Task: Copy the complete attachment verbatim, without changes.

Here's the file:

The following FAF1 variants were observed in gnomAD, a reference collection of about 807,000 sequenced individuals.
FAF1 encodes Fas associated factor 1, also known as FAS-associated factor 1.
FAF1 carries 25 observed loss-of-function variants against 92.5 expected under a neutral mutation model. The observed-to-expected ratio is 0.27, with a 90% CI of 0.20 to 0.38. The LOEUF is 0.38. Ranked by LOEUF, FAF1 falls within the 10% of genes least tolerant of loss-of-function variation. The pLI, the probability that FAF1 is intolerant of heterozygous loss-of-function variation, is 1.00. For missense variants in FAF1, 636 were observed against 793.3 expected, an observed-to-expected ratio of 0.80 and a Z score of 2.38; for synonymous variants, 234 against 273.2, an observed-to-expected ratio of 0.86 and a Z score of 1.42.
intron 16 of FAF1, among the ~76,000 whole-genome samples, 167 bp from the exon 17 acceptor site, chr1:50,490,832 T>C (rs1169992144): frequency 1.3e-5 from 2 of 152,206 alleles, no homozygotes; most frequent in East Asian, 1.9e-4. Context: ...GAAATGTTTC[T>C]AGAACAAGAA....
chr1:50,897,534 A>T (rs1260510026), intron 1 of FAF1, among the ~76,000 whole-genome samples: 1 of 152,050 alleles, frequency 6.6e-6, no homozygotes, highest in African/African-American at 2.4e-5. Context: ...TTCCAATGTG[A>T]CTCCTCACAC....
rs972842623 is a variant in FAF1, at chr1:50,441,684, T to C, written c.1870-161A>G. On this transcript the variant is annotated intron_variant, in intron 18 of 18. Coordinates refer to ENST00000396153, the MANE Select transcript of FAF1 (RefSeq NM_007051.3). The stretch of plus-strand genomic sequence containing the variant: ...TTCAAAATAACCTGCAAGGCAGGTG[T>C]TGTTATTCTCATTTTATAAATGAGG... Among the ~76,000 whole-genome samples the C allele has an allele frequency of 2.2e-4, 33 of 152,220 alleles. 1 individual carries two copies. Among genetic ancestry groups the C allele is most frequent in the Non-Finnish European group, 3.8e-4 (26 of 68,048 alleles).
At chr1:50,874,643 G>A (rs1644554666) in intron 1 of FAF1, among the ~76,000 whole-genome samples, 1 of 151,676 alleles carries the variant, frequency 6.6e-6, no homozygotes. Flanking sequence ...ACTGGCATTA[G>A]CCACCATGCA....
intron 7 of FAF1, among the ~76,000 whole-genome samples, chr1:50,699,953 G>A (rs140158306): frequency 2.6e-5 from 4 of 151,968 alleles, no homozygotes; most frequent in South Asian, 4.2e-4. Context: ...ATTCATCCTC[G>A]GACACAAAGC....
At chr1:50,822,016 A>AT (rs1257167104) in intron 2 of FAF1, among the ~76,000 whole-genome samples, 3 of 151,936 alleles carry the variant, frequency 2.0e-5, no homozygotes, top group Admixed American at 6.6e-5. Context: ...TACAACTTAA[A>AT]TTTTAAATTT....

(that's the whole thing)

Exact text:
The following FAF1 variants were observed in gnomAD, a reference collection of about 807,000 sequenced individuals.
FAF1 encodes Fas associated factor 1, also known as FAS-associated factor 1.
FAF1 carries 25 observed loss-of-function variants against 92.5 expected under a neutral mutation model. The observed-to-expected ratio is 0.27, with a 90% CI of 0.20 to 0.38. The LOEUF is 0.38. Ranked by LOEUF, FAF1 falls within the 10% of genes least tolerant of loss-of-function variation. The pLI, the probability that FAF1 is intolerant of heterozygous loss-of-function variation, is 1.00. For missense variants in FAF1, 636 were observed against 793.3 expected, an observed-to-expected ratio of 0.80 and a Z score of 2.38; for synonymous variants, 234 against 273.2, an observed-to-expected ratio of 0.86 and a Z score of 1.42.
intron 16 of FAF1, among the ~76,000 whole-genome samples, 167 bp from the exon 17 acceptor site, chr1:50,490,832 T>C (rs1169992144): frequency 1.3e-5 from 2 of 152,206 alleles, no homozygotes; most frequent in East Asian, 1.9e-4. Context: ...GAAATGTTTC[T>C]AGAACAAGAA....
chr1:50,897,534 A>T (rs1260510026), intron 1 of FAF1, among the ~76,000 whole-genome samples: 1 of 152,050 alleles, frequency 6.6e-6, no homozygotes, highest in African/African-American at 2.4e-5. Context: ...TTCCAATGTG[A>T]CTCCTCACAC....
rs972842623 is a variant in FAF1, at chr1:50,441,684, T to C, written c.1870-161A>G. On this transcript the variant is annotated intron_variant, in intron 18 of 18. Coordinates refer to ENST00000396153, the MANE Select transcript of FAF1 (RefSeq NM_007051.3). The stretch of plus-strand genomic sequence containing the variant: ...TTCAAAATAACCTGCAAGGCAGGTG[T>C]TGTTATTCTCATTTTATAAATGAGG... Among the ~76,000 whole-genome samples the C allele has an allele frequency of 2.2e-4, 33 of 152,220 alleles. 1 individual carries two copies. Among genetic ancestry groups the C allele is most frequent in the Non-Finnish European group, 3.8e-4 (26 of 68,048 alleles).
At chr1:50,874,643 G>A (rs1644554666) in intron 1 of FAF1, among the ~76,000 whole-genome samples, 1 of 151,676 alleles carries the variant, frequency 6.6e-6, no homozygotes. Flanking sequence ...ACTGGCATTA[G>A]CCACCATGCA....
intron 7 of FAF1, among the ~76,000 whole-genome samples, chr1:50,699,953 G>A (rs140158306): frequency 2.6e-5 from 4 of 151,968 alleles, no homozygotes; most frequent in South Asian, 4.2e-4. Context: ...ATTCATCCTC[G>A]GACACAAAGC....
At chr1:50,822,016 A>AT (rs1257167104) in intron 2 of FAF1, among the ~76,000 whole-genome samples, 3 of 151,936 alleles carry the variant, frequency 2.0e-5, no homozygotes, top group Admixed American at 6.6e-5. Context: ...TACAACTTAA[A>AT]TTTTAAATTT....